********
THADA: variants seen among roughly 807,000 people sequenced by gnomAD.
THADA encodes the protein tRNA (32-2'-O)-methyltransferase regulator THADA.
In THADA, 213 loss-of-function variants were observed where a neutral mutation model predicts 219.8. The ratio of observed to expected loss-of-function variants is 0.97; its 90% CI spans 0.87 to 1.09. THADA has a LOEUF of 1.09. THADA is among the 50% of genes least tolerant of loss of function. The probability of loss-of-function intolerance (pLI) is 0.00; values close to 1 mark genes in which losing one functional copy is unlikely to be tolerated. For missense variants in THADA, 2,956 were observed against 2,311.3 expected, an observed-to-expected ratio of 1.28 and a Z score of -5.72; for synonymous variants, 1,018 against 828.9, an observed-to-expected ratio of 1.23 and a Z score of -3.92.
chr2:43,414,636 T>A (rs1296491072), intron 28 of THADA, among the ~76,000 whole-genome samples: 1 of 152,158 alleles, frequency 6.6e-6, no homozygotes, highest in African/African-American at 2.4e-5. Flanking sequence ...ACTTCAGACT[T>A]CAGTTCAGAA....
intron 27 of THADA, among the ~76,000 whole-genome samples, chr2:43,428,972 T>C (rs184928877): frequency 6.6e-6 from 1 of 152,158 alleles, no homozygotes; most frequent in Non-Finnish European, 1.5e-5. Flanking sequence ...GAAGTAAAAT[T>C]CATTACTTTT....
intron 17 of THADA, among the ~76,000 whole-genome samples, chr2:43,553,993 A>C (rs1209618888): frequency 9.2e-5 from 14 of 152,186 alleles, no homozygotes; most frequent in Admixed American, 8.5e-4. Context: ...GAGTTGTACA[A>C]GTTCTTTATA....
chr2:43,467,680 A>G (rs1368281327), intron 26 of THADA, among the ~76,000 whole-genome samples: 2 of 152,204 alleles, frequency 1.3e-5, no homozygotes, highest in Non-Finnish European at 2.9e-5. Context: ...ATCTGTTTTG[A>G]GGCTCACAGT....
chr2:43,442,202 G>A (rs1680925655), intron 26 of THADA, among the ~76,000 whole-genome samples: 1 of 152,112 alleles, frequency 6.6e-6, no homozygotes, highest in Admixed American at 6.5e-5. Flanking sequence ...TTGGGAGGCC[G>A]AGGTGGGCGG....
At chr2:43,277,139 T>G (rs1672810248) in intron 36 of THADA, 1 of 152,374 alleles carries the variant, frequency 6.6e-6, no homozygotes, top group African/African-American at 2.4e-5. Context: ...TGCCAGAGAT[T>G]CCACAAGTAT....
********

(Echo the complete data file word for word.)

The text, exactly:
THADA: variants seen among roughly 807,000 people sequenced by gnomAD.
THADA encodes the protein tRNA (32-2'-O)-methyltransferase regulator THADA.
In THADA, 213 loss-of-function variants were observed where a neutral mutation model predicts 219.8. The ratio of observed to expected loss-of-function variants is 0.97; its 90% CI spans 0.87 to 1.09. THADA has a LOEUF of 1.09. THADA is among the 50% of genes least tolerant of loss of function. The probability of loss-of-function intolerance (pLI) is 0.00; values close to 1 mark genes in which losing one functional copy is unlikely to be tolerated. For missense variants in THADA, 2,956 were observed against 2,311.3 expected, an observed-to-expected ratio of 1.28 and a Z score of -5.72; for synonymous variants, 1,018 against 828.9, an observed-to-expected ratio of 1.23 and a Z score of -3.92.
chr2:43,414,636 T>A (rs1296491072), intron 28 of THADA, among the ~76,000 whole-genome samples: 1 of 152,158 alleles, frequency 6.6e-6, no homozygotes, highest in African/African-American at 2.4e-5. Flanking sequence ...ACTTCAGACT[T>A]CAGTTCAGAA....
intron 27 of THADA, among the ~76,000 whole-genome samples, chr2:43,428,972 T>C (rs184928877): frequency 6.6e-6 from 1 of 152,158 alleles, no homozygotes; most frequent in Non-Finnish European, 1.5e-5. Flanking sequence ...GAAGTAAAAT[T>C]CATTACTTTT....
intron 17 of THADA, among the ~76,000 whole-genome samples, chr2:43,553,993 A>C (rs1209618888): frequency 9.2e-5 from 14 of 152,186 alleles, no homozygotes; most frequent in Admixed American, 8.5e-4. Context: ...GAGTTGTACA[A>C]GTTCTTTATA....
chr2:43,467,680 A>G (rs1368281327), intron 26 of THADA, among the ~76,000 whole-genome samples: 2 of 152,204 alleles, frequency 1.3e-5, no homozygotes, highest in Non-Finnish European at 2.9e-5. Context: ...ATCTGTTTTG[A>G]GGCTCACAGT....
chr2:43,442,202 G>A (rs1680925655), intron 26 of THADA, among the ~76,000 whole-genome samples: 1 of 152,112 alleles, frequency 6.6e-6, no homozygotes, highest in Admixed American at 6.5e-5. Flanking sequence ...TTGGGAGGCC[G>A]AGGTGGGCGG....
At chr2:43,277,139 T>G (rs1672810248) in intron 36 of THADA, 1 of 152,374 alleles carries the variant, frequency 6.6e-6, no homozygotes, top group African/African-American at 2.4e-5. Context: ...TGCCAGAGAT[T>G]CCACAAGTAT....